Tell Me, O Muse: The Immortal Technique of Pecorino Marras
Each man delights in the work that suits him best.
-Homer, The Odyssey
Some legends have it that the fearsome Cyclops of Homer's Odyssey was in fact a humble cheesemaker that was just misunderstood by his neighbours. Indeed it is thought that the passage in which his craft is described is among the first mentions of cheese productions; perhaps the poor Cyclops got a raw deal on the whole telling of the tale and has been forgotten for his trade. But you know, it isn't such a leap: cheese is a powerful food and those who know how to tame that beast into the form we know are in some way a bit fearsome. As the author Clifton Fadiman once said, cheese is milk's leap toward immortality, and few people know this better than Francesco Marras.
One of seven children, Francesco came to Lazio from Lula, Sardinia in 1986 having already begun his career as a cheesemaker selling to markets in Puglia and Napoli. In many ways, his story is a mirror of the migration patterns that shaped contemporary Italy: while the mainland was experiencing large scale rural to urban migration in the wake of modernization, farmers from Sardinia were moving onto the unoccupied lands left behind and continuing their trades. Due to the similarities in topography and climate, the shepherding that defined Sardinia found a seemingly natural home in upper Lazio and lower Tuscany and thus the production of Pecorino continued apace.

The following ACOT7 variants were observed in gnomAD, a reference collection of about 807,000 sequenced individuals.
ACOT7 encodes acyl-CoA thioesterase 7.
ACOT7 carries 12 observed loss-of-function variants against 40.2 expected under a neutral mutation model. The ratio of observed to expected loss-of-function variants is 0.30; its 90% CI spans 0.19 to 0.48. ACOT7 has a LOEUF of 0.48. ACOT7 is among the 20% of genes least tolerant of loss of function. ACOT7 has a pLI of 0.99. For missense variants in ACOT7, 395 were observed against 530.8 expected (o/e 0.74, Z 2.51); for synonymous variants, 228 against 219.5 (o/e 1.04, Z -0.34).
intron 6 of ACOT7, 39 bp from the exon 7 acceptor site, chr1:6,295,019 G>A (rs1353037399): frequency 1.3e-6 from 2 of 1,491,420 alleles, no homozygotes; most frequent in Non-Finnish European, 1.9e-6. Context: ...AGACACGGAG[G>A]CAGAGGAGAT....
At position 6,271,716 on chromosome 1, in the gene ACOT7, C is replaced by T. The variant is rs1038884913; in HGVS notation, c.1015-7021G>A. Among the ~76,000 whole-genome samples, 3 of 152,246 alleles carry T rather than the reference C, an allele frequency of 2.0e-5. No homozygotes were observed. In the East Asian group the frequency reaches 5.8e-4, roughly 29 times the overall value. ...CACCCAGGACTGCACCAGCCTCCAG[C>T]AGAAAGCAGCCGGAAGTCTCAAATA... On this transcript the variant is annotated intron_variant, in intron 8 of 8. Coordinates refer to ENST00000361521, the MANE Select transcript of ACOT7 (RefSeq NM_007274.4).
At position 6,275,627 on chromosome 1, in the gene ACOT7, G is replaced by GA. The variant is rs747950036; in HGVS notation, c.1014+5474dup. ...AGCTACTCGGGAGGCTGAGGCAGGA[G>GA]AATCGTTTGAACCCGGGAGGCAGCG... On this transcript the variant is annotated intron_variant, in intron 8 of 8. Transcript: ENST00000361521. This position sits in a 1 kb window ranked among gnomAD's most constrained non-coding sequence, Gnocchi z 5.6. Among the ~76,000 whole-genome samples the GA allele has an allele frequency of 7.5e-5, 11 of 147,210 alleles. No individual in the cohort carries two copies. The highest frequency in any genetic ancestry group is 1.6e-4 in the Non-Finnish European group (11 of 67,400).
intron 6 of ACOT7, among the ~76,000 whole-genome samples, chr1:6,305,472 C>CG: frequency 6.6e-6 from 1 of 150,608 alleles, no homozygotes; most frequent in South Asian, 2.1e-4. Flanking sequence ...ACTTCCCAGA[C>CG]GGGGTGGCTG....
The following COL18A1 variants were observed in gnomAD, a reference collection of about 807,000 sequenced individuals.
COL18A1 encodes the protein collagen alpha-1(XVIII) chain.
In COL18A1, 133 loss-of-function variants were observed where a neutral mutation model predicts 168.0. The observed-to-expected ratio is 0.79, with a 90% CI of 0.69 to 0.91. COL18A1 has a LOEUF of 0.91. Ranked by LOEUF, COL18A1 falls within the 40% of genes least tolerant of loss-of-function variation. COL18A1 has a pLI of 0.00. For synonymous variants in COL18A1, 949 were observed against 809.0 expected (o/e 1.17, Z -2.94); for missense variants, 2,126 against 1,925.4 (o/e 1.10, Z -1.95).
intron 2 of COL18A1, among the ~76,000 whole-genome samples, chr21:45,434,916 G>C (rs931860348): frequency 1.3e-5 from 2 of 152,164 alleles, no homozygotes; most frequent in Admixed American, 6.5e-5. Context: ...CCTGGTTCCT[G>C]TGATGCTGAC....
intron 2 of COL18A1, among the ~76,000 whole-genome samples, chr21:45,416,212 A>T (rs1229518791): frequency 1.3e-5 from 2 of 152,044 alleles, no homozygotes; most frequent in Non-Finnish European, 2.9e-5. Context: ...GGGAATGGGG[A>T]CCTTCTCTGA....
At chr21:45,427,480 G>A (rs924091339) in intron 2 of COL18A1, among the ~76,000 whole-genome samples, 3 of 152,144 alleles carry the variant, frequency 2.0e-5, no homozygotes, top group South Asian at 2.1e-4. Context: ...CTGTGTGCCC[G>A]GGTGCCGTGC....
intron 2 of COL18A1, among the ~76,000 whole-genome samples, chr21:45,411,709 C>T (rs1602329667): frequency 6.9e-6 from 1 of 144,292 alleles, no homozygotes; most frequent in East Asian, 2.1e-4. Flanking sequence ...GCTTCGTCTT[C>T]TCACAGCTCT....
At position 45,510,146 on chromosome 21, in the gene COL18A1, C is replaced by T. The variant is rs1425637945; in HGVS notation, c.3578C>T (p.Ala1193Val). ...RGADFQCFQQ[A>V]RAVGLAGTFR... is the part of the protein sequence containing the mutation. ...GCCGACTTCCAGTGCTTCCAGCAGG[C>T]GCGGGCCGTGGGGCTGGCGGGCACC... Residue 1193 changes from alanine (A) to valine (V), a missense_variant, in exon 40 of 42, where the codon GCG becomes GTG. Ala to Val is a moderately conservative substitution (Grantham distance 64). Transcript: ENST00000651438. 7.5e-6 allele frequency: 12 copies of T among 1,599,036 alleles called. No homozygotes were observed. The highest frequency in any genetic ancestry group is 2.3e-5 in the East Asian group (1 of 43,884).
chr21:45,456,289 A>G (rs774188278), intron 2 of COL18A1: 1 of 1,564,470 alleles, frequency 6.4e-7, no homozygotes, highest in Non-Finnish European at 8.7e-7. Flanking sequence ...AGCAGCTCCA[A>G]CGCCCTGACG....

This is where things begin to get a bit complicated. For in fact, Pecorino Sardo is a particular type of flavour profile within the family of cheeses and while it may be produced outside of Sardinia it will always be known as 'Pecorino Sardo'. Outside of Italy or the very strict cheese lovers among you, the differences between Pecorinos Sardo, Romano or Toscano might be quite negligable; within these circles however, they are crucial. Pecorino Romano is usually the more biting of the bunch, with a saltier and stronger flavour (this is why it's most often used in Cacio e Pepe and Carbonara). Pecorino Sardo, on the other hand, has a creamier texture and a richer, nuttier flavour. And yes, I know that the words "richer, nuttier flavour" are what people used when they don't actually know how to explain something, but in this case it really does apply. Importantly, the nomenclature is indicative of the method more than the point of production (though to be called a Pecorino DOP the cheese must come from within the DOP zone). For example, Francesco Marras lives in Tuscania but produces Pecorino Sardo; some of the best varieties of Pecorino Romano are instead produced in Sardinia.